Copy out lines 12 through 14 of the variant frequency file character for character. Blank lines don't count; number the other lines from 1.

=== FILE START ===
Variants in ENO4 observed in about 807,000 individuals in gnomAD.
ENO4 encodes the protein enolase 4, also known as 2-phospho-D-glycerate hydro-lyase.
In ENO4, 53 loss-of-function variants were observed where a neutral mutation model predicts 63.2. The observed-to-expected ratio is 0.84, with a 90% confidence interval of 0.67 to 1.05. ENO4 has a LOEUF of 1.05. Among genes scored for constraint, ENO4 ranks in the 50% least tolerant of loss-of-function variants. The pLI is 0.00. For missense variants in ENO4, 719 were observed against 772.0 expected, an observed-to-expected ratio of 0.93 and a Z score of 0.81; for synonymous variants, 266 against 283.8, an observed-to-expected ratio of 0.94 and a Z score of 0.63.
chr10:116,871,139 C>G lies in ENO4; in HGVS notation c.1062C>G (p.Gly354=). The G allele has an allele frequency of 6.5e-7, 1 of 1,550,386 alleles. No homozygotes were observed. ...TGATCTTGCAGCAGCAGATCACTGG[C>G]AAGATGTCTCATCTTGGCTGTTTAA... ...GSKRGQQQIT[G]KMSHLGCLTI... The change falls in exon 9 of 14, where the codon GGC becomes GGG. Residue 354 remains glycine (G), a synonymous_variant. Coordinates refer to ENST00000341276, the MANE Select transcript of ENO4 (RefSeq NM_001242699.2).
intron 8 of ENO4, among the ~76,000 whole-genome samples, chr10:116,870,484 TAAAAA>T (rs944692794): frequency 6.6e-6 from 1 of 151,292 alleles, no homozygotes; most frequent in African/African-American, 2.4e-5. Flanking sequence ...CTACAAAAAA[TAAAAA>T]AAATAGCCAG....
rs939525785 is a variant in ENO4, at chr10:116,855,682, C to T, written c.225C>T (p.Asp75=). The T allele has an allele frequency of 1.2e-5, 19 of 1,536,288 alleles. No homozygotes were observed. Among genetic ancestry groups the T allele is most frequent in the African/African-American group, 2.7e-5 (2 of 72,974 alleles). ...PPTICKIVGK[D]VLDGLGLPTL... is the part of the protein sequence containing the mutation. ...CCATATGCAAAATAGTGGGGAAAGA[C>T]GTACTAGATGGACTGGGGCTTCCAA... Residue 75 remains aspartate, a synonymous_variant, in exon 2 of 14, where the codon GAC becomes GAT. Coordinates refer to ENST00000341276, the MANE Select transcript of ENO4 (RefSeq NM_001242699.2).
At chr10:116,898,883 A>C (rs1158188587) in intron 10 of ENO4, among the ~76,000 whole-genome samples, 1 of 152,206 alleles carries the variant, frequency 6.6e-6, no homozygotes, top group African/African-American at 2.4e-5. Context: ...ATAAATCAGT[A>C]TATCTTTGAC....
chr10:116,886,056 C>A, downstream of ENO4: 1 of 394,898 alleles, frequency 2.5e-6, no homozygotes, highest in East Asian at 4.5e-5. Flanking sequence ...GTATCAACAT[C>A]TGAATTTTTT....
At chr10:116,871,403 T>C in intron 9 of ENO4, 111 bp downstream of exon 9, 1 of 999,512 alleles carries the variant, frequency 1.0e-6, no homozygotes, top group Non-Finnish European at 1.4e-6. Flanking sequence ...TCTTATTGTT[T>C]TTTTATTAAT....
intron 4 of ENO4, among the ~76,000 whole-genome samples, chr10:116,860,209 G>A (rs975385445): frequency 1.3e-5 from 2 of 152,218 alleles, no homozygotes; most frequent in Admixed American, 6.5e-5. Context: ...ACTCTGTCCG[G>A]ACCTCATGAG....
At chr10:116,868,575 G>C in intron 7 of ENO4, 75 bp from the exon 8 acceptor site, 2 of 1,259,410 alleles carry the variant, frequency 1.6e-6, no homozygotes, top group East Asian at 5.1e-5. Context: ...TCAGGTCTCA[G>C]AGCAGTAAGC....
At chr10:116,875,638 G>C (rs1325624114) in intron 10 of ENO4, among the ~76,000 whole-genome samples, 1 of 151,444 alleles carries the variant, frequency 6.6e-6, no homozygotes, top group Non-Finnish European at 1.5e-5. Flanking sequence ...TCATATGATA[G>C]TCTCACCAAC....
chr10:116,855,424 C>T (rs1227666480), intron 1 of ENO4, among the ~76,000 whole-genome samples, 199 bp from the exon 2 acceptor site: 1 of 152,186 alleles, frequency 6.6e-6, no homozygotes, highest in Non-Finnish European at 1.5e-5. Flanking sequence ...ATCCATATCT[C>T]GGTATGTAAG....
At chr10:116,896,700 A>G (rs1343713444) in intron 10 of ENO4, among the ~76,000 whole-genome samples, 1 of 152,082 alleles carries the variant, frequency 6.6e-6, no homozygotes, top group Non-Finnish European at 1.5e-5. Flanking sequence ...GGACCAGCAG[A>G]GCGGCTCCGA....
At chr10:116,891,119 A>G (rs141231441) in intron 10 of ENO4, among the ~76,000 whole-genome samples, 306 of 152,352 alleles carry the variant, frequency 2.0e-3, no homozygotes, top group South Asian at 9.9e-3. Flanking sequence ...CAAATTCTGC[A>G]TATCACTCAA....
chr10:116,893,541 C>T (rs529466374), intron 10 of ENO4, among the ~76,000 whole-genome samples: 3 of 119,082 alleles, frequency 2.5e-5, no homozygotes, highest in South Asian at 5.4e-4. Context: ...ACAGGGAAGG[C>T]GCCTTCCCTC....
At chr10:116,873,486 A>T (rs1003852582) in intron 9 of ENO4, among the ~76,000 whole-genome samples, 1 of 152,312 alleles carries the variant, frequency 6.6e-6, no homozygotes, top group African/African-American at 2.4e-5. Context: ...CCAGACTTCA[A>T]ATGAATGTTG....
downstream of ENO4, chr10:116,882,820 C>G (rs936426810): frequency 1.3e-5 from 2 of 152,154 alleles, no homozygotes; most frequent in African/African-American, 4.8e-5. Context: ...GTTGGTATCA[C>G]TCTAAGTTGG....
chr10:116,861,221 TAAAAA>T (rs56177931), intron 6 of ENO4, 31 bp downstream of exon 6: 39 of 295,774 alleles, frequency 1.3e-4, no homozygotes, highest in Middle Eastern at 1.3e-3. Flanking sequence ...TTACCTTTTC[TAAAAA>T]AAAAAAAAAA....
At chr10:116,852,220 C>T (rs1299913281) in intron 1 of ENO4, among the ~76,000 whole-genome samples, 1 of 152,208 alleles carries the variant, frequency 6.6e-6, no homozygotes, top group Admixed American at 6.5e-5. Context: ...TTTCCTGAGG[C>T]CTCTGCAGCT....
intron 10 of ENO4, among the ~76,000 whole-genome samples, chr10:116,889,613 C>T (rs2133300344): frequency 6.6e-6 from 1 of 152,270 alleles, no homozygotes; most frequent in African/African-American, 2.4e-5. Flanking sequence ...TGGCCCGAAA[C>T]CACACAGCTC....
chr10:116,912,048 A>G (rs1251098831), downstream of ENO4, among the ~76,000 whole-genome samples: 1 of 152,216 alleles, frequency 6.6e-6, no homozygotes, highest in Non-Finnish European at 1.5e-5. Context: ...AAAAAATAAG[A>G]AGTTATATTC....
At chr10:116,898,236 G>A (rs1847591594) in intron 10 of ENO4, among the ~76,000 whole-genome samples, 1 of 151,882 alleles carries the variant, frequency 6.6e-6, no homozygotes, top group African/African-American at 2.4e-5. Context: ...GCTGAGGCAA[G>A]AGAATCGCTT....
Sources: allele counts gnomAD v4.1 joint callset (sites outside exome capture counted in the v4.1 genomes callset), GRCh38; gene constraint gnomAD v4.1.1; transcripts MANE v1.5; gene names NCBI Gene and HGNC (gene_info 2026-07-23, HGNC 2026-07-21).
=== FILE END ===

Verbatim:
At chr10:116,875,638 G>C (rs1325624114) in intron 10 of ENO4, among the ~76,000 whole-genome samples, 1 of 151,444 alleles carries the variant, frequency 6.6e-6, no homozygotes, top group Non-Finnish European at 1.5e-5. Flanking sequence ...TCATATGATA[G>C]TCTCACCAAC....
chr10:116,855,424 C>T (rs1227666480), intron 1 of ENO4, among the ~76,000 whole-genome samples, 199 bp from the exon 2 acceptor site: 1 of 152,186 alleles, frequency 6.6e-6, no homozygotes, highest in Non-Finnish European at 1.5e-5. Flanking sequence ...ATCCATATCT[C>T]GGTATGTAAG....
At chr10:116,896,700 A>G (rs1343713444) in intron 10 of ENO4, among the ~76,000 whole-genome samples, 1 of 152,082 alleles carries the variant, frequency 6.6e-6, no homozygotes, top group Non-Finnish European at 1.5e-5. Flanking sequence ...GGACCAGCAG[A>G]GCGGCTCCGA....